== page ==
Often, the most tumultuous part of the publishing process is the creation of cover art. Responsible for hundreds of books a year, artists work tirelessly to create the perfect image to represent 300+ pages, and publishers, editors, sales reps, and marketers all weigh in with opinions that the artist has to absorb and consider. Tough!
But sometimes the process runs smoothly and produces perfection. Executive Art Director David Rotstein has worked on 10 covers for Charles Finch's Victorian era series, and each of them captures the suspense, character, and history in the books impeccably.
Authors don't often get the chance to communicate directly with the artists, but to commemorate the 10th book in the Charles Lenox series, Charlie and David were able to get together to discuss what happens behind the scenes in this exclusive Q&A.
Charles Finch: I love the covers of the Lenox books so much, especially their unity over what’s turned into a long series—every Lenox book has three old-fashioned objects on the cover, with one of them just slightly askew (a shattered pair of glasses, a broken key) to hint at a crime. Do you remember coming up with this idea? How has it evolved?
David Rotstein: Our publisher wanted to redesign A Beautiful Blue Death for paperback. The goal was to have more menace than my original hardcover design. In rethinking the project, I knew that one of the things that was so special about the book was how well it put the reader into the time-period in a very realistic and appealing way (and this was long before the Downton Abbey phenomenon).
One morning, while getting ready for work and pondering what to do for the cover, I opened the medicine cabinet to get the toothpaste and looked at the rows of shelves. I thought how, back in the day, all of these labels and everyday objects would have been so beautiful … and I had my cover idea. I hired photographer Jon Shireman to create the artwork. Here, you can see Jon’s preliminary prop research that he did for me. We knew that we had something special, and I designed The September Society to match.
CF: Do you take inspiration from the title of the books? The period? Have you read any of them? (I won’t be even slightly offended if you say no!)
DR: I’ve only read very small portions of the books. Typically, when I need to begin work, a brief or sample chapter are the only things available. Inspiration is definitely drawn from the time period. Title is very inspiring in coming up with imagery. My favorites in that regard are probably The September Society and Home by Nightfall.
CF: Aside from the recurring trios, I love the color palette of the covers—usually just a single soft-focus color. Have you noticed how often this has been repeated in the industry following the success of the Lenox books (cough, cough)? There are some eerily similar ones out there.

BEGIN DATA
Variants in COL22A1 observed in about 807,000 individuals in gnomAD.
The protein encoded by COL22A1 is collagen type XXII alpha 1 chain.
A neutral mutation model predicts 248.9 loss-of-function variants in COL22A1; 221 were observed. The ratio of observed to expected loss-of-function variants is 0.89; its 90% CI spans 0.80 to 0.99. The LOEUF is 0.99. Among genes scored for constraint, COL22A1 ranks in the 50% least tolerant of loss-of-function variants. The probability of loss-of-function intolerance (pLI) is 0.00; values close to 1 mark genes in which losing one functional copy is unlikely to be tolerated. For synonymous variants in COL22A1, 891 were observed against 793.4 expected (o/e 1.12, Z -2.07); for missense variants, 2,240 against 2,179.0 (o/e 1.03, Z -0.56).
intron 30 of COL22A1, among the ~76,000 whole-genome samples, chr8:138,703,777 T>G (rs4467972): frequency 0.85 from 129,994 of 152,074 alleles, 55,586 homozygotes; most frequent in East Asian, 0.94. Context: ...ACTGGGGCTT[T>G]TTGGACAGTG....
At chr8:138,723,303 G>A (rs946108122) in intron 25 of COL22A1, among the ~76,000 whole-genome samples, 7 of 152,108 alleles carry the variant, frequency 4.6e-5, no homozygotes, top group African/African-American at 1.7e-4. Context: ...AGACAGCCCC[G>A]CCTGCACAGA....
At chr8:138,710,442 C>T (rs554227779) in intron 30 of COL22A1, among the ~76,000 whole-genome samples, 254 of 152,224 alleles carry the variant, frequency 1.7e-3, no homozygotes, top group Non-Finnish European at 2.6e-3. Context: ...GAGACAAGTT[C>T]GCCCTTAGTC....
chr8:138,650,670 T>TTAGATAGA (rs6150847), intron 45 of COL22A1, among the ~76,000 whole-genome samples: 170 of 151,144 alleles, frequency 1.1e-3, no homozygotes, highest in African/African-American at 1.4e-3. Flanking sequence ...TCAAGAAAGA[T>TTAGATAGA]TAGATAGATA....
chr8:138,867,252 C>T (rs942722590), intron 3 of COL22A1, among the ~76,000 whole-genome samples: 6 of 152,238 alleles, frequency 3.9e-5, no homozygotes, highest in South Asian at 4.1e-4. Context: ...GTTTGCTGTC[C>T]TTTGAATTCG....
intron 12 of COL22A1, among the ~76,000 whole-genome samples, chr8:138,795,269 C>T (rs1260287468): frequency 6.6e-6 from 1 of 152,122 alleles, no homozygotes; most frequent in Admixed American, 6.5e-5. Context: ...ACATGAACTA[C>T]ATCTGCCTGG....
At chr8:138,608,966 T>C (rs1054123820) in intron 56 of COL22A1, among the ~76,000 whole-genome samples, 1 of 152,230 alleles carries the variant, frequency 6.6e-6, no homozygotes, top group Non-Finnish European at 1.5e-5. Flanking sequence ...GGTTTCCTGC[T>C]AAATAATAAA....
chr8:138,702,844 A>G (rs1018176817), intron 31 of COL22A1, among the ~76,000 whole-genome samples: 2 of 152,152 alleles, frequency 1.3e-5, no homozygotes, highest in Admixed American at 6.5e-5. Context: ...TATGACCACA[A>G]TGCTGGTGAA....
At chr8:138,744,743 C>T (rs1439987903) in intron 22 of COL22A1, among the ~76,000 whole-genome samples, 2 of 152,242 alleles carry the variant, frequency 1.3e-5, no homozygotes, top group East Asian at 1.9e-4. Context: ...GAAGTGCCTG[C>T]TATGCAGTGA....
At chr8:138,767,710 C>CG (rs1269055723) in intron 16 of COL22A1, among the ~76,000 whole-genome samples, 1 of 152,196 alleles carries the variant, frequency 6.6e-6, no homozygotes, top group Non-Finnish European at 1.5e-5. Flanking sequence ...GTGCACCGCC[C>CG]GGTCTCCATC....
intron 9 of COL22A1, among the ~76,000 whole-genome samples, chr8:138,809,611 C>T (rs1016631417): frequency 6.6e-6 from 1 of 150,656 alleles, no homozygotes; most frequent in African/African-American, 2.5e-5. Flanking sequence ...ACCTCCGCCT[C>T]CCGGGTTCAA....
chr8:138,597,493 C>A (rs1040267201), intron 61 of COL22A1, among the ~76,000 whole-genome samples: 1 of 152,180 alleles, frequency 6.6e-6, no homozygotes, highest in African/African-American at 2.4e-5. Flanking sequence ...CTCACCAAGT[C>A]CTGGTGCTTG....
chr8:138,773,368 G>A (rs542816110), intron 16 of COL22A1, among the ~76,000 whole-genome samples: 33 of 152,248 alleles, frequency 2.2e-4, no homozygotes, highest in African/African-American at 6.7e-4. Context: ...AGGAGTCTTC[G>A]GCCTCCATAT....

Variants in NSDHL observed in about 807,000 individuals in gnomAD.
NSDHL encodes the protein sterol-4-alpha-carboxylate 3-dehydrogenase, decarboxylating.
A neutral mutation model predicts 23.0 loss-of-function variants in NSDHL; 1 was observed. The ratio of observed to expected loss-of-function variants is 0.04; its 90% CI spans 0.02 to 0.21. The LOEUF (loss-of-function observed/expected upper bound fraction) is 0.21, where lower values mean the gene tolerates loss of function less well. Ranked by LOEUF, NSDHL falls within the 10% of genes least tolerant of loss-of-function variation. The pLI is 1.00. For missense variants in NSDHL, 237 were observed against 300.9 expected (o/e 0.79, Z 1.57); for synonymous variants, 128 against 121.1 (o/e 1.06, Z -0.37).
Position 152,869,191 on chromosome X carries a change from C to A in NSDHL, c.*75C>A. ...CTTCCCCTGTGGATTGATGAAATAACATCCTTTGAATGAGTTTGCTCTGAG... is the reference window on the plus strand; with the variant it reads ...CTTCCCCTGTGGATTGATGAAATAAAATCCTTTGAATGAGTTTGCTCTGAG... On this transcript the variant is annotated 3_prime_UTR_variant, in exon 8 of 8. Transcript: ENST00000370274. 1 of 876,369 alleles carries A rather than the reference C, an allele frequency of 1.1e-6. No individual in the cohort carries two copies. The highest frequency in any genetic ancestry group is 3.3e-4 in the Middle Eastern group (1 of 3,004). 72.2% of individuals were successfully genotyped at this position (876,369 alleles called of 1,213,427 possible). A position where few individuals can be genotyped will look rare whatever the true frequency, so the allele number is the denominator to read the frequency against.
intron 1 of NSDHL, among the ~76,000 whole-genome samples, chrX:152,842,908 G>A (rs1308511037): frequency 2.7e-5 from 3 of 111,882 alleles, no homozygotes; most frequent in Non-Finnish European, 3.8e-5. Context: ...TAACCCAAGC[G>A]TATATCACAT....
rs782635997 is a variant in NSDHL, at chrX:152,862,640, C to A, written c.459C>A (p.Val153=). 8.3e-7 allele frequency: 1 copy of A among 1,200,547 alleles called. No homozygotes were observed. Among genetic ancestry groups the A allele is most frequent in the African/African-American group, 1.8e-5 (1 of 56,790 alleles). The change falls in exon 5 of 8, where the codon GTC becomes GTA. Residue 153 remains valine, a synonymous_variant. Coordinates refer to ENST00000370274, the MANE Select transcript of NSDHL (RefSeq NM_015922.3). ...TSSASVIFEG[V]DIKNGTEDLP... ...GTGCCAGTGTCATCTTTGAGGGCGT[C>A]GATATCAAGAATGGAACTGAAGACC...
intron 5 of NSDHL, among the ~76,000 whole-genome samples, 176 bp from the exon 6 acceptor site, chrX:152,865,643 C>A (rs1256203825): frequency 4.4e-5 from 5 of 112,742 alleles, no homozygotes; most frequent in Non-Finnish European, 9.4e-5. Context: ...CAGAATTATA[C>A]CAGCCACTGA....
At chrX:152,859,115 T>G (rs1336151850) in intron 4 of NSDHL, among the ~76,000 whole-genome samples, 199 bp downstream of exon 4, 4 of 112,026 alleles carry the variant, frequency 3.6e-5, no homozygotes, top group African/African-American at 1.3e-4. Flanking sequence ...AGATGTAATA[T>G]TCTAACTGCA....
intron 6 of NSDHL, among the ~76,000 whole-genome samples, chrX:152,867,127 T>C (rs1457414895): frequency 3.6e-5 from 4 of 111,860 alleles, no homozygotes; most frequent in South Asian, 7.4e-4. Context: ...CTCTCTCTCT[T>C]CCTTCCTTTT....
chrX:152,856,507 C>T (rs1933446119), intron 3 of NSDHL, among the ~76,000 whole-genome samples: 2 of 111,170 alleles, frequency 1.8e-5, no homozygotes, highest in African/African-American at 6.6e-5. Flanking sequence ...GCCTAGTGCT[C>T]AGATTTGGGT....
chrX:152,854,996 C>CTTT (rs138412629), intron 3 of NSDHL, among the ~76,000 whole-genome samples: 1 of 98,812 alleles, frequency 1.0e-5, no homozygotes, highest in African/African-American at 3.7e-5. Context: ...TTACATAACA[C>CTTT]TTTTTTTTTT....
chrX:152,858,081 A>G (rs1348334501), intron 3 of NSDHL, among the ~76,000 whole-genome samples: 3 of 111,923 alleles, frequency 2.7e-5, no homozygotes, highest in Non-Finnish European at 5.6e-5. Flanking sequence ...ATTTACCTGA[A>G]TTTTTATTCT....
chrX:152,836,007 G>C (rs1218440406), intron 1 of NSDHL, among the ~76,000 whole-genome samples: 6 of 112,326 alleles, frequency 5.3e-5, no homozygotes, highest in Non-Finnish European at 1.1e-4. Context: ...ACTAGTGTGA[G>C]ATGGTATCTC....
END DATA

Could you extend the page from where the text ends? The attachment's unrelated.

DR: I love the colors and treatment of the covers for this series. When I do see similar book covers out there, I usually chalk it up to coincidence.
CF: Does it bug you to have all that text (quotes, blurbs, plot summaries) messing up your beautiful images? I think it would bug me.
DR: Normally, yes—I do prefer having less copy, which can visually clutter a cover. But for these books, I actually prefer having the extra copy. It feels very old-fashioned (in a good way). Look at A Beautiful Blue Death—those labels were loaded with text. Victorians loved intricacy and complexity.
CF: What’s a cover, recent or vintage, that you find unusually beautiful or striking?
DR: There is so much out there that it’s so difficult to pick. But Oliver Munday’s cover for Carrie Brown’s The Stargazer’s Sister is exquisite. I am in awe of it ever since first seeing it. My favorite vintage book cover—that would have to be The Great Gatsby.
CF: What about a classic cover that you can’t stand the sight of? (Mine is The Great Gatsby.)
DR: What! Oh, I was only joking about liking that cover before—yes, that’s a horrible cover. In seriousness though, for me, any old cover automatically looks amazing. Clunky heavy type from the 70s, cheesy type from the 80s—it all becomes awesome the more it ages.
CF: Finally, people often tell me how beautiful the covers of my books are. It’s fine if I just take credit for that, right?
DR: Absolutely. I may be selecting an outfit for you to wear, but you’re the frontman.
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Charles Finch is a graduate of Yale and Oxford. He is the author of the Charles Lenox mysteries. His first novel, A Beautiful Blue Death, was nominated for an Agatha Award and was named one of Library Journal's Best Books of 2007, one of only five mystery novels on the list. His first contemporary novel, The Last Enchantments, was published in 2015. He lives in Chicago.